• Wed. Jun 12th, 2024

Mayor Adams walks back timeline on shuttering unlicensed NYC pot shops

Mayor Adams walks back timeline on shuttering unlicensed NYC pot shops


Mayor Adams has for months assured New Yorkers he’d shut down every unlicensed weed shop in New York within 30 days of being granted expanded enforcement powers by the state.

But on Tuesday — a week after lawmakers and Gov. Hochul awarded him the beefed-up authority — Adams tempered his pledge, saying he instead anticipates making “a substantial dent” in the number of illicit pot shops within 30 days.

“So on the 31st day, don’t be standing in front of City Hall saying, ‘Hey, I saw a weed shop,’” the mayor told reporters, “because they’re going to continue to open, and we’re going to continue to close them. We have the tools now, when they pop up, we can close them.”

The latest comments mark a departure from a Dec. 10 assurance on his monthly “Hear From The Mayor” radio show: “If they give me control of the enforcement, I will close down every illegal shop within 30 days. That’s my promise to New Yorkers.”

A state of New York notice posted at a business announces the seizure of 'illicit cannabis' at the business as authorities crack down on unlicensed smoke shops on June 16, 2023 in New York City. The crackdown on illegal dispensaries comes after New York legalized recreational cannabis use in 2021 but only at approved stores that sell cannabis in a controlled and monitored environment. Since legalization, hundreds of businesses have opened across the city selling cannabis products illegally. Currently, about 10 legal pot shops operate in the state with the most in New York City and those caught selling illegally face fines up to $20,000 per day.

Spencer Platt/Getty Images

A state of New York notice posted at a business announces the seizure of ‘illicit cannabis’. Mayor Adams said Tuesday that the process of padlocking the hundreds of unlicensed cannabis shops operating in the city will prove complicated. (Photo by Spencer Platt/Getty Images)

He has since floated similar statements, including on April 4, when he told reporters at City Hall: “If we’re given the power, my commitment to this city, in 30 days you will see these illegal shops disappear from the landscape of our retail institute.”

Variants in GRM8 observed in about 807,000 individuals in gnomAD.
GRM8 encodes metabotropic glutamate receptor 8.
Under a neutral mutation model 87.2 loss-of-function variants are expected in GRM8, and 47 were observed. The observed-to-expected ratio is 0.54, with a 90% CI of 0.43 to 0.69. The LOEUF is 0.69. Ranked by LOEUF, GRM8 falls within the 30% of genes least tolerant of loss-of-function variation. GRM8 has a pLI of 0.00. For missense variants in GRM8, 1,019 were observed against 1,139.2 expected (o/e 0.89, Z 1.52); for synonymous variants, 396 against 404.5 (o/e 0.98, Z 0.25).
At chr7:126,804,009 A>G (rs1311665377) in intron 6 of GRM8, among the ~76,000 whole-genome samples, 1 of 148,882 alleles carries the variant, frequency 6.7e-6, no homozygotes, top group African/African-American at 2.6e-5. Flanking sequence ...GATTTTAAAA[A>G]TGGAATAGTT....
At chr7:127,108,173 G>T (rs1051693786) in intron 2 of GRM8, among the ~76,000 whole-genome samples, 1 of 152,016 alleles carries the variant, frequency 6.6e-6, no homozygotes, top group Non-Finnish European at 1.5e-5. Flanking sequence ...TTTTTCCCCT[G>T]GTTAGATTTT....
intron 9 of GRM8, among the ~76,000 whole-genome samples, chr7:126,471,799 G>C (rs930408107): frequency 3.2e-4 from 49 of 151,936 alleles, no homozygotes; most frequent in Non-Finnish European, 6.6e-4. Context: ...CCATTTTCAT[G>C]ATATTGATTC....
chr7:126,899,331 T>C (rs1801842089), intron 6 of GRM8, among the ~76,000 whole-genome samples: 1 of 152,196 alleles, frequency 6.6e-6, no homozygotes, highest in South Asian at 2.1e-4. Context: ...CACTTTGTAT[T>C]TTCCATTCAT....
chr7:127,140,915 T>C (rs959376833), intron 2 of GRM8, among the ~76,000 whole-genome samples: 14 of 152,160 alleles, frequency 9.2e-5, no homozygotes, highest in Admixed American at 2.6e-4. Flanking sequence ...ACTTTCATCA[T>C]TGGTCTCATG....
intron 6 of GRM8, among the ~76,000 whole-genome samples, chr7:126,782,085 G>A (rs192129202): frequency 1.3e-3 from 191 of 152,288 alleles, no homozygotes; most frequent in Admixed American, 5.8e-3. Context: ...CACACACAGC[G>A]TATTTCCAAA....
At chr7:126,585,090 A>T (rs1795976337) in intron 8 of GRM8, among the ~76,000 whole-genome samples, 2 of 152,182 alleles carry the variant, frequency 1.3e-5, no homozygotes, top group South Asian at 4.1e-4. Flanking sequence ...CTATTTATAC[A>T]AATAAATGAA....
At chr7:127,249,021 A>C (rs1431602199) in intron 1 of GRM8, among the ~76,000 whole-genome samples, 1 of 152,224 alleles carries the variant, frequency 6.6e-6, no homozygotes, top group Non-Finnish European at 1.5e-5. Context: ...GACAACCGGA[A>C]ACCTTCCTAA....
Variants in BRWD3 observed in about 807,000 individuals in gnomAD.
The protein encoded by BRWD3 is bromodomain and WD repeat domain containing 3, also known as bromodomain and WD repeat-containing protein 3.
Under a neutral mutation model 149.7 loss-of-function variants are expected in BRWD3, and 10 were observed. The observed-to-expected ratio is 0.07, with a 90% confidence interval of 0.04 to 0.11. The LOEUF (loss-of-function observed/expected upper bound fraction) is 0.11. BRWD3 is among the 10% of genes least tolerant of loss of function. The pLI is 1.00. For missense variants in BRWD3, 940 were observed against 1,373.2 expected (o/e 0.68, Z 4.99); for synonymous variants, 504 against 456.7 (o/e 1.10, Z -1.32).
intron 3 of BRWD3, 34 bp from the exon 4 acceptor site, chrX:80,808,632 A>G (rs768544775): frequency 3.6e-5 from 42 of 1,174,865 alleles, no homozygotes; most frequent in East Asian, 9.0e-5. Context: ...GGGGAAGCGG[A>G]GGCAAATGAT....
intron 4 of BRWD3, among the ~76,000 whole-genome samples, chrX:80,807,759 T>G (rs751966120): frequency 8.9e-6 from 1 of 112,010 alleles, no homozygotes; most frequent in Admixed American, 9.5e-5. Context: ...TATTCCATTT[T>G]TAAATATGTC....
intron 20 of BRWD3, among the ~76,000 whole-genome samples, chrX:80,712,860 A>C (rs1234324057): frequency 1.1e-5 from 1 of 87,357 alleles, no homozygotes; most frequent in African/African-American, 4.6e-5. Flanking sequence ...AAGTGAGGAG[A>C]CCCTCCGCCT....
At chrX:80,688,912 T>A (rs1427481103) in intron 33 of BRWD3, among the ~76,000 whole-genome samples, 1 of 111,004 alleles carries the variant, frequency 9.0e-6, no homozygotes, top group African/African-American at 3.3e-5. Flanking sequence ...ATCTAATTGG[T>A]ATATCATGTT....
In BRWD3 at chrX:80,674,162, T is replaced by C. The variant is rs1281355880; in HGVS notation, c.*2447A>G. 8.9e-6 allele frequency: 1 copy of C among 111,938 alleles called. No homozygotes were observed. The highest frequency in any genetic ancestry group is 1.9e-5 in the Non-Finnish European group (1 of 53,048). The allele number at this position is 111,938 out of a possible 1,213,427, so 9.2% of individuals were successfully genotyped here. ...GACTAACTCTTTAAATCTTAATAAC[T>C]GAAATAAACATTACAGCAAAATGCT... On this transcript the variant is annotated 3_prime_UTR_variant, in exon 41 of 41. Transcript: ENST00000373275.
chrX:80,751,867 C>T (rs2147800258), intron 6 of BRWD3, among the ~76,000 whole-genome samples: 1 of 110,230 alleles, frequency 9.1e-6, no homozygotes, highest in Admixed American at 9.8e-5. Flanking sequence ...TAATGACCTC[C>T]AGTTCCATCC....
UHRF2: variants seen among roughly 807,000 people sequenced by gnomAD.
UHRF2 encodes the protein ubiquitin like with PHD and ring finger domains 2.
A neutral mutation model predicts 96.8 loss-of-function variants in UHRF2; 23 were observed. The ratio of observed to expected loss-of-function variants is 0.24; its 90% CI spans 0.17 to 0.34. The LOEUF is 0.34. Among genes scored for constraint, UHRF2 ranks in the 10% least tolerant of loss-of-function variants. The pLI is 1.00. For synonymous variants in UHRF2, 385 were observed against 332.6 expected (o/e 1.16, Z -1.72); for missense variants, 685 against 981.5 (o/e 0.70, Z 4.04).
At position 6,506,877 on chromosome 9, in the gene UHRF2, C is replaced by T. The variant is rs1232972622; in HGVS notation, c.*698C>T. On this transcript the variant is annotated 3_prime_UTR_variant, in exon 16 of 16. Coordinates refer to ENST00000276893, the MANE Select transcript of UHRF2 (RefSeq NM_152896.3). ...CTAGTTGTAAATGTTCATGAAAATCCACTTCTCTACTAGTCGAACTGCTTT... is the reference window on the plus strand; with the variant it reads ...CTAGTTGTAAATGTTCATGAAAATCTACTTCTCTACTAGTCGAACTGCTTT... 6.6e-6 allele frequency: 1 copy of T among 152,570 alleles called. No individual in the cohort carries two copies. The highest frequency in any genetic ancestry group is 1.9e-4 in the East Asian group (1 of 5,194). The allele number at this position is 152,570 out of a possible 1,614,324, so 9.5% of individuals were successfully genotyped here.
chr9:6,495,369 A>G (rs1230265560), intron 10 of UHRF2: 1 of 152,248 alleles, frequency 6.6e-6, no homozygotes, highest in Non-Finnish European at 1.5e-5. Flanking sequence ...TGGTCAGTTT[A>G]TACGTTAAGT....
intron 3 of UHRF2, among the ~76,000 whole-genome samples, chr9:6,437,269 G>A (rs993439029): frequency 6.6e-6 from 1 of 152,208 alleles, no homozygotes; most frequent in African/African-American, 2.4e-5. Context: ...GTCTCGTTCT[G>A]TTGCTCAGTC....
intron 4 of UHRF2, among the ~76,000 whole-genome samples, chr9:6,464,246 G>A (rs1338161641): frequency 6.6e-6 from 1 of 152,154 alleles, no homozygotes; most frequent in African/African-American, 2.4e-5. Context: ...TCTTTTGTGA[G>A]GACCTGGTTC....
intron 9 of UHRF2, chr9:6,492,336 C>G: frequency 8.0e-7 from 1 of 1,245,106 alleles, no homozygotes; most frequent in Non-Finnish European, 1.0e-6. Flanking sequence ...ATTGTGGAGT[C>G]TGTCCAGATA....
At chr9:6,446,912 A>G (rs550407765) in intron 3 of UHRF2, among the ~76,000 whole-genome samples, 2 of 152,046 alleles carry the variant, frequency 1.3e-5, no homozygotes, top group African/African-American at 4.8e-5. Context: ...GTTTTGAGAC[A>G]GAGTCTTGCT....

In Tuesday’s press conference at City Hall, Adams said the process of padlocking the hundreds of unlicensed marijuana hawkers operating in the city is going to prove a complicated endeavor, even with the new enforcement powers from Albany.

“Now there are steps we have to do here also,” he said, mentioning, for instance, that the Office of Administrative Trials and Hearings must hash out a plan to accommodate an expected uptick in hearings on cannabis store closures.

Adams also said his administration is in the process of figuring out behind the scenes how much law enforcement personnel will need to fan out across the city to put the kibosh on illicit pot peddlers.

“While this is taking place, the team has already identified the locations, we already have our operations in place of what we want to do,” he said.

Under the old regime, the city sheriff’s office and the NYPD couldn’t shutter an illegal smoke shop unless they got the green light to do so from the state Office of Cannabis Management.

Thanks to a provision tucked into this year’s state budget, though, local law enforcement agencies can on their own immediately padlock a spot, provided it is an “egregious actor,” which the measure defines as an establishment that sells marijuana to minors or operates near a school or a place of worship, among some other nuisance categories.

The provision, which was enacted with the rest of the state budget on April 20, says unlicensed marijuana retailers that don’t qualify as “egregious” can still be shut down by local authorities if a second inspection uncovers illegal goods on the premises.

Manhattan Councilwoman Gale Brewer, a Democrat who heads the Council’s Oversight and Investigations Committee, said a big problem in city-level cannabis enforcement is that the Adams administration hasn’t disclosed details on which agency will spearhead the illegal weed crackdown now that the state budget has passed.

She also said she never believed the mayor’s 30-day timeline for eradicating all weed shops was feasible.

“Ostensibly it should be easier now,” she said of shuttering shops, “but there’s not a lot of staff to do this work, and it’s not clear who’s going to do the work.”

Brewer said her committee plans to hold a hearing at the end of May to grill Adams administration officials about how they’re using the new weed enforcement powers.



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